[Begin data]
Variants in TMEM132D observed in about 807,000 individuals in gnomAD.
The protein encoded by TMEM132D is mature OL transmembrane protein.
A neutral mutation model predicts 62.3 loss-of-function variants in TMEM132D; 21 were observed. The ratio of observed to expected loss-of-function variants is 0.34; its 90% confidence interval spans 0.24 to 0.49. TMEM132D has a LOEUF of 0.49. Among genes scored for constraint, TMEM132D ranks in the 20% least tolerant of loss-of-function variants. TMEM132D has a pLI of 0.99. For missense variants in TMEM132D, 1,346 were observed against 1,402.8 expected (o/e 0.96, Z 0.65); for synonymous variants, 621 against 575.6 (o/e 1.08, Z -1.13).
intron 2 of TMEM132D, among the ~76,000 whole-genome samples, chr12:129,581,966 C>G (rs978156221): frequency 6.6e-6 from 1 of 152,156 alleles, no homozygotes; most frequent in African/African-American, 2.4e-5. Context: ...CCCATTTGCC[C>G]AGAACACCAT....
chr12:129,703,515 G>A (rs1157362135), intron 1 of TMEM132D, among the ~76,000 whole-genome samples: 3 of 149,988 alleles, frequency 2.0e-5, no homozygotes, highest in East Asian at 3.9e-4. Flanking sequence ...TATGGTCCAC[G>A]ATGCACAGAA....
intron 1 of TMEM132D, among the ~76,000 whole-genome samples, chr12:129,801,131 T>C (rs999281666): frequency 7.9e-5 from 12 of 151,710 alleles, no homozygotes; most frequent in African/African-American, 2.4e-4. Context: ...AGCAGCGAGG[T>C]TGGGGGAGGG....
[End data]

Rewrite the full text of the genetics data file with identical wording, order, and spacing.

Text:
Variants in TMEM132D observed in about 807,000 individuals in gnomAD.
The protein encoded by TMEM132D is mature OL transmembrane protein.
A neutral mutation model predicts 62.3 loss-of-function variants in TMEM132D; 21 were observed. The ratio of observed to expected loss-of-function variants is 0.34; its 90% confidence interval spans 0.24 to 0.49. TMEM132D has a LOEUF of 0.49. Among genes scored for constraint, TMEM132D ranks in the 20% least tolerant of loss-of-function variants. TMEM132D has a pLI of 0.99. For missense variants in TMEM132D, 1,346 were observed against 1,402.8 expected (o/e 0.96, Z 0.65); for synonymous variants, 621 against 575.6 (o/e 1.08, Z -1.13).
intron 2 of TMEM132D, among the ~76,000 whole-genome samples, chr12:129,581,966 C>G (rs978156221): frequency 6.6e-6 from 1 of 152,156 alleles, no homozygotes; most frequent in African/African-American, 2.4e-5. Context: ...CCCATTTGCC[C>G]AGAACACCAT....
chr12:129,703,515 G>A (rs1157362135), intron 1 of TMEM132D, among the ~76,000 whole-genome samples: 3 of 149,988 alleles, frequency 2.0e-5, no homozygotes, highest in East Asian at 3.9e-4. Flanking sequence ...TATGGTCCAC[G>A]ATGCACAGAA....
intron 1 of TMEM132D, among the ~76,000 whole-genome samples, chr12:129,801,131 T>C (rs999281666): frequency 7.9e-5 from 12 of 151,710 alleles, no homozygotes; most frequent in African/African-American, 2.4e-4. Context: ...AGCAGCGAGG[T>C]TGGGGGAGGG....